The concept an objective moral truth is subject to a process that can be highly selective, or predictable given the discipline of knowledge, the constraints of liberty, or cost of honesty, etc.

    I think Sam Harris on an earlier TED Talk addressed this issue square on. There is no need to get mystical about the development of our rich, diverse cultural evolution. It is rooted in us.
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      Jan 2 2013: Evolutionary paradigms are among the most important frame works for developing cognitive studies.

      Check out: [cog] psych of religion

      Painting the overall picture that individually we all act 'religious' in nature - we function with groups as a condition of survival; part of surviving which involves finding 'happiness' and 'knowledge' among groups - in a sense - or rather, our sub- and unconscious brain dictates requirements our immediate conscious is not aware of...

      It's merely a conflict of verbal context. I call it religious, another may call it natural. But, calling it ''natural' is an existential cop out... The term, religious, makes you think. How do I act religious, normally, do I? In what ways? No matter the conflict, what is clear is that without metacognition (reflection, retrospection, etc) of cognition, there is a lot more room to follow the group; band-wagon.

      As much as I detest the new age atheism... Sam Harris is a brilliant contemporary philosopher. Dawkins' memes are so revolutionary... But, his philosophy is so 'neoatheist' it corrupts his own practical usage of the idea... I argue greatly, new age atheism has created an underground religion; a disorganized group, but none the less having doctrine, argument, metaphysical position... to establish their head in the room of religious debate... Indeed, no need to get mystical; it is important that a human follows the herd (we need to), but also, while making sure each human understands that exact nature of thought...

      I don't think mysticism will die, it's a consistency. Science believe in the 'Big Bang' or at least that's the best theory and it makes the most sense to use... Couldn't of something else happened? The Big Bang, says the entire universe, yet we do not know the actual 'size' of universe... It's a theory, for a reason. Yet many say "it is the truth" - seems mystical to call a theory the best 'truth' thus the TRUTH, no?

      We learned too much about the universe before we figured out...
      • Dan F 50+

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        Jan 2 2013: I checked your reference and within these evolutionary paradigms is sociobiology which is my preferential view over the other approaches including the supernatural. E.O. Wilson's definition is the basis: “The extension of population biology and evolutionary theory to social organization”

        Sociobiology restricts its insights to the observable natural and physical world and is the reason biologist often consider themselves naturalist. I think you may be misreading my use of the word natural. I'm using it in terms of our human evolutionary history.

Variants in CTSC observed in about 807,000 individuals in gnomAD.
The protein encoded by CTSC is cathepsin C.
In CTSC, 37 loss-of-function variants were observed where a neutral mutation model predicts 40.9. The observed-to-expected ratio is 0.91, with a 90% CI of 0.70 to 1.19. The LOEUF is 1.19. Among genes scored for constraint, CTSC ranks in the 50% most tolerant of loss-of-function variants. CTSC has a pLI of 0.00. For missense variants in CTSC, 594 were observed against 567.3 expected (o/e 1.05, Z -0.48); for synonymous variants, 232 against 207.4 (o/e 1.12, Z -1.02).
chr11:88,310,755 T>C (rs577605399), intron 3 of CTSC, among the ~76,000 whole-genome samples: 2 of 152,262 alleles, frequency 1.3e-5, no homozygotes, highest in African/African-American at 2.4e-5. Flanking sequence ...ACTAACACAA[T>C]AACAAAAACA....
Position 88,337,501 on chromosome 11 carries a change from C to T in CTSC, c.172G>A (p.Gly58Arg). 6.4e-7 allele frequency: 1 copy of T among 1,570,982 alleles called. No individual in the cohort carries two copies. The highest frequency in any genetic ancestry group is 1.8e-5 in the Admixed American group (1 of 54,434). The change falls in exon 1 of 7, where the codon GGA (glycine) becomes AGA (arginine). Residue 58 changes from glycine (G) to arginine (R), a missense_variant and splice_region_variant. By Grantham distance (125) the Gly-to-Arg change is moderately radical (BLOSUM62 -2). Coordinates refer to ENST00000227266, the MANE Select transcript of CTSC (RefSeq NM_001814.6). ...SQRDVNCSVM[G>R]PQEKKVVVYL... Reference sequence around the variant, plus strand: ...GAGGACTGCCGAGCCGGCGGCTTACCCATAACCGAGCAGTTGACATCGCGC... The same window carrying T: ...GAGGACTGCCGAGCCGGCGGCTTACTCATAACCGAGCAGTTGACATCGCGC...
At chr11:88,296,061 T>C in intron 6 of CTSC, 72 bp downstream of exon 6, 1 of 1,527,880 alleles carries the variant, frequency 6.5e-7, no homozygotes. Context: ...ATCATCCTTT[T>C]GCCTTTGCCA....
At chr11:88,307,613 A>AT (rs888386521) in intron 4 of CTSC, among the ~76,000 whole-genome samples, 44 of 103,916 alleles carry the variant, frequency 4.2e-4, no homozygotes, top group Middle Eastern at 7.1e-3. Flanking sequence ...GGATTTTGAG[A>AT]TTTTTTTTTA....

From this point of view our concurrent cultural evolution opened the doors to an increasing awareness of ourselves enabling a free will to be more creative in how to better get along more civilly, comfort one another in tough times, etc. This expanding capacity motivated stories and ideas to adopt, as for example your question about objective moral truths, in that effort. A subjective realm, but one of collective appeal and group benefit potentially aiding in our survival as a species.

        I do note a distinction between the mysteries of the testable and the conjectured real world truths and unknowns and the handed down traditional organized political/religious/educational belief systems through the years with their own more self serving impetus.

        Atheist are organized? Are you sure? Just so you know, I don't worship anything not even science, but I do seek to better acknowledge it.
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          Jan 2 2013: Your usage of natural is valid, as long as it is not limited to those definitions found in 'science'

          The rest, is great writing and we will agree more often than not.

          And yes, I am sure atheist are more disorganized than not, but they still have organized features... In politics and scientific communities especially.

          Atheism is a term people use for themselves to put themselves in the minority category, but at the same time, will realize what atheism means to them personally is more often a religious naturalist ideology - nature is my religion - sort of thing.

          To me, clearly dictating that spirituality is impossible to ignore, as we are all prone to being 'religious' in some sense.
  • Dec 26 2012: Morality, moral truth, right or wrong. These are things we love to debate about. Here is the real problem. Deep down we do not like to be told what to do. Most of us have a deep longing to be free. Free of what or what true freedom means I'm not sure but we are looking for something. One complication is that when we decide to be a part of a society there has to be social order or rules. But, who gets to make the rules? Most of the time, its whoever has the most power or money. Whether a religious group or rich rulers or the elite. etc. When are we as the human race ever going to get together and say enough! Enough fighting, stealing, back stabbing, and the list goes on and on. How in the world will we ever agree on a universal social order, code, rule etc. I like to believe if we could just all agree on the 10 commandments, whether you believe in God or not is not the point. A true common sense approach to the 10 commandments could very easily argue that they will work for the over all good and serve as a formula to create a world peace. Think about a world with no stealing, direct or indirect, no murder, people who respect one another, no lying, etc. etc. Oh but wait, I want to indulge my sexual desires to please myself or lie at work to get raises, or you get the point. I personally just don't want to be told what to do. I guess history will just keep repeating itself, it is a shame, at least from an american's view, I really liked this country, maybe the next world super power will be gentle with us?? Just kind of typing off of the top of my head. Agree, disagree, debate, or whatever, all welcome. Love, Jerry.